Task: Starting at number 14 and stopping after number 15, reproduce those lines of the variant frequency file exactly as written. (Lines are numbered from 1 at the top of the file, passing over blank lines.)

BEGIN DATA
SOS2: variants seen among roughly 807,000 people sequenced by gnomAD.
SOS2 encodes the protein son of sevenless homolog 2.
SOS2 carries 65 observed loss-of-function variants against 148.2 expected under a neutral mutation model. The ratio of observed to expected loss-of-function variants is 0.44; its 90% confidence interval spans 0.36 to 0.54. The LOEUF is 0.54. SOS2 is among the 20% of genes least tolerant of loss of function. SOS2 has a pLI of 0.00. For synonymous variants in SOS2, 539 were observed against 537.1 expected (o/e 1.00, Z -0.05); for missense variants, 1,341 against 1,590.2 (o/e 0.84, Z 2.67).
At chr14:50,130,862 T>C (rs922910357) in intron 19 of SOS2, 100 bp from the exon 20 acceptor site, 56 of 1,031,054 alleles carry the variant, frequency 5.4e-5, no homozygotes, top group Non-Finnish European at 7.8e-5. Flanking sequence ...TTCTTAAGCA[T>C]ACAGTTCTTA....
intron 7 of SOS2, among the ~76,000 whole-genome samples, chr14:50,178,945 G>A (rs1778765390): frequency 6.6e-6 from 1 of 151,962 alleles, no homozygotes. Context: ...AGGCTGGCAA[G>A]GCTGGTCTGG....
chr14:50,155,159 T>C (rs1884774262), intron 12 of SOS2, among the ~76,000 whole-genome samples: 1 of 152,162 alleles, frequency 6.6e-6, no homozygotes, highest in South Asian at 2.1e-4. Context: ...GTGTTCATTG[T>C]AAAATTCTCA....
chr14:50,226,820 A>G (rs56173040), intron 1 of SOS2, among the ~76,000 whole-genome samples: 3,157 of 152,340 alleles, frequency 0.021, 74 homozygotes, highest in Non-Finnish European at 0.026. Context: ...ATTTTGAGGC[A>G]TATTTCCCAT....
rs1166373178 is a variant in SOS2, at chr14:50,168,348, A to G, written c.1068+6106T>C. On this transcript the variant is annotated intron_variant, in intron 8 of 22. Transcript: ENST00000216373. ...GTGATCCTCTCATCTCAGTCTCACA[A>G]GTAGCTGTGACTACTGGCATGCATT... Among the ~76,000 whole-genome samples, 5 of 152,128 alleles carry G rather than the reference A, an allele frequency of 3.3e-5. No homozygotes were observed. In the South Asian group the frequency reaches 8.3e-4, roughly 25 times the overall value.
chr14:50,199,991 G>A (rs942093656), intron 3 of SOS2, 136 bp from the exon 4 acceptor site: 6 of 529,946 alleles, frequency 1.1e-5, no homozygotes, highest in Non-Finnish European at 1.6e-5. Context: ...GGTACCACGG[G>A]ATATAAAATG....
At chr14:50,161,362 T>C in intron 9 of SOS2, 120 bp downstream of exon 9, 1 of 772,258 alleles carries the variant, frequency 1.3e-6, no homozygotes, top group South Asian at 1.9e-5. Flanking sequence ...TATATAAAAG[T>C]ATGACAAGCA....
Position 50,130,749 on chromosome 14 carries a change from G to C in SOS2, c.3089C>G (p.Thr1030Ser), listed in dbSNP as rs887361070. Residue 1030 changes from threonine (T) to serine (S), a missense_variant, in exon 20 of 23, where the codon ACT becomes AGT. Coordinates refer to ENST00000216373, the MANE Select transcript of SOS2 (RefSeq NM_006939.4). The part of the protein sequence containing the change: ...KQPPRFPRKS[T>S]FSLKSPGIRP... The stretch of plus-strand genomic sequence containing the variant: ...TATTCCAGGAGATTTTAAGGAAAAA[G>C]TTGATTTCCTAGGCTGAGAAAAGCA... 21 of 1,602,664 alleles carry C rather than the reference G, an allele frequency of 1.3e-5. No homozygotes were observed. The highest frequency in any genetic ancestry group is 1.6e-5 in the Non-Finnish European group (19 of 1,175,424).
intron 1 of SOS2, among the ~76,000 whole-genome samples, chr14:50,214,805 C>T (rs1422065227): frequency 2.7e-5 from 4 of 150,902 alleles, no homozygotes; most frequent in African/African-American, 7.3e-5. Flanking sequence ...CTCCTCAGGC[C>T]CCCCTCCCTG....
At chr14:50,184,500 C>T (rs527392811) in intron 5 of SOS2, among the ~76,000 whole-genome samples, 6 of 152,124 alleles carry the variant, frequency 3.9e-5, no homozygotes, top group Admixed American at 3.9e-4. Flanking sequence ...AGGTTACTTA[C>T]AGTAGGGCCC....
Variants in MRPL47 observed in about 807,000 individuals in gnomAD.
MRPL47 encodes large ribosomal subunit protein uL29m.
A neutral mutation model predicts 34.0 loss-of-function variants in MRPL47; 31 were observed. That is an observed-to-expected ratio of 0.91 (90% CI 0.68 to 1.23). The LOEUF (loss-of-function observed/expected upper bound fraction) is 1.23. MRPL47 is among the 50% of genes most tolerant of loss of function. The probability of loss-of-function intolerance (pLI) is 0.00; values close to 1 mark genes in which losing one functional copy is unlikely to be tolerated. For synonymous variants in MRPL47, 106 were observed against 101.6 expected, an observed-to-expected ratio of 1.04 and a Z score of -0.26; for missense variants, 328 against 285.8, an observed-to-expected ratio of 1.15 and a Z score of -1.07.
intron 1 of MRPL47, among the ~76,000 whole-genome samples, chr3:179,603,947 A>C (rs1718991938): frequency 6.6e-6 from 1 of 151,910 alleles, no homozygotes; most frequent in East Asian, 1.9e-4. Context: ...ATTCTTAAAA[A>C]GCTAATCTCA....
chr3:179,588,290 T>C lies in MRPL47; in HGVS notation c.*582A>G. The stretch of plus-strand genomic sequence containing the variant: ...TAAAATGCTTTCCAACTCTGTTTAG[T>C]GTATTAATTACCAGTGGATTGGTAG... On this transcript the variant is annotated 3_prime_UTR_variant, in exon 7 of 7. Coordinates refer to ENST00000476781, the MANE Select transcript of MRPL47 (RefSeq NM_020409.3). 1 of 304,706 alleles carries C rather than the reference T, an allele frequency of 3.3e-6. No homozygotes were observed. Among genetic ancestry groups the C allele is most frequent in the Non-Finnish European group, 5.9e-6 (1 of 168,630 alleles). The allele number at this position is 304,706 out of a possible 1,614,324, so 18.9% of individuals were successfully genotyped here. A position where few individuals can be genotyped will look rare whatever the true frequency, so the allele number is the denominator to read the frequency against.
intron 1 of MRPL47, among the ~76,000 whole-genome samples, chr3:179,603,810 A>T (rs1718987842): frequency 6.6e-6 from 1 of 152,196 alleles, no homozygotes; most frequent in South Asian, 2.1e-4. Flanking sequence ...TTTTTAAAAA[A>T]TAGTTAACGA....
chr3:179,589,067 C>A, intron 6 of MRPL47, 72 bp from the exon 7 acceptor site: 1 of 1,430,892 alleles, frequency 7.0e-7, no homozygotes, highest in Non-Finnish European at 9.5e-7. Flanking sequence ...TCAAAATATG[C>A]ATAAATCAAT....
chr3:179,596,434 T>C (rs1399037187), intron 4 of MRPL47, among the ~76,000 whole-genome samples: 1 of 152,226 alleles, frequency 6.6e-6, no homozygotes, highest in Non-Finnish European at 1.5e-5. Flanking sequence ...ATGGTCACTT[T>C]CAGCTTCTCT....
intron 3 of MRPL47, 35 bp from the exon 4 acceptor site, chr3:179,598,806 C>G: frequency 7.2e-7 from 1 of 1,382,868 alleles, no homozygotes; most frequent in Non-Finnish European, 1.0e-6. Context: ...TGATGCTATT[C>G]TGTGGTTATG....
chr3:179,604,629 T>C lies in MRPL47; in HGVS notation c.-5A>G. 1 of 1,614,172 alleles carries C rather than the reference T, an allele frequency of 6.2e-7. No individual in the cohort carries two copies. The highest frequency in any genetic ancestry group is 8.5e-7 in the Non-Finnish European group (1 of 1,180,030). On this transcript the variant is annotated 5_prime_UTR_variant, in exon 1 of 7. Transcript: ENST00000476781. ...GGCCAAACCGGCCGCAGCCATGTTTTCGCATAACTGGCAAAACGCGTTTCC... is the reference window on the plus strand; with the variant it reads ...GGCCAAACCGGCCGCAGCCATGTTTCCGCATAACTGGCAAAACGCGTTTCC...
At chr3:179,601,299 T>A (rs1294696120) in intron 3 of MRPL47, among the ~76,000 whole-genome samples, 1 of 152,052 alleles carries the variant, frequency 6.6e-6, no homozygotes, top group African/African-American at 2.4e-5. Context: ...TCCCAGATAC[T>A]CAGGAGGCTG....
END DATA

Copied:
Variants in MRPL47 observed in about 807,000 individuals in gnomAD.
MRPL47 encodes large ribosomal subunit protein uL29m.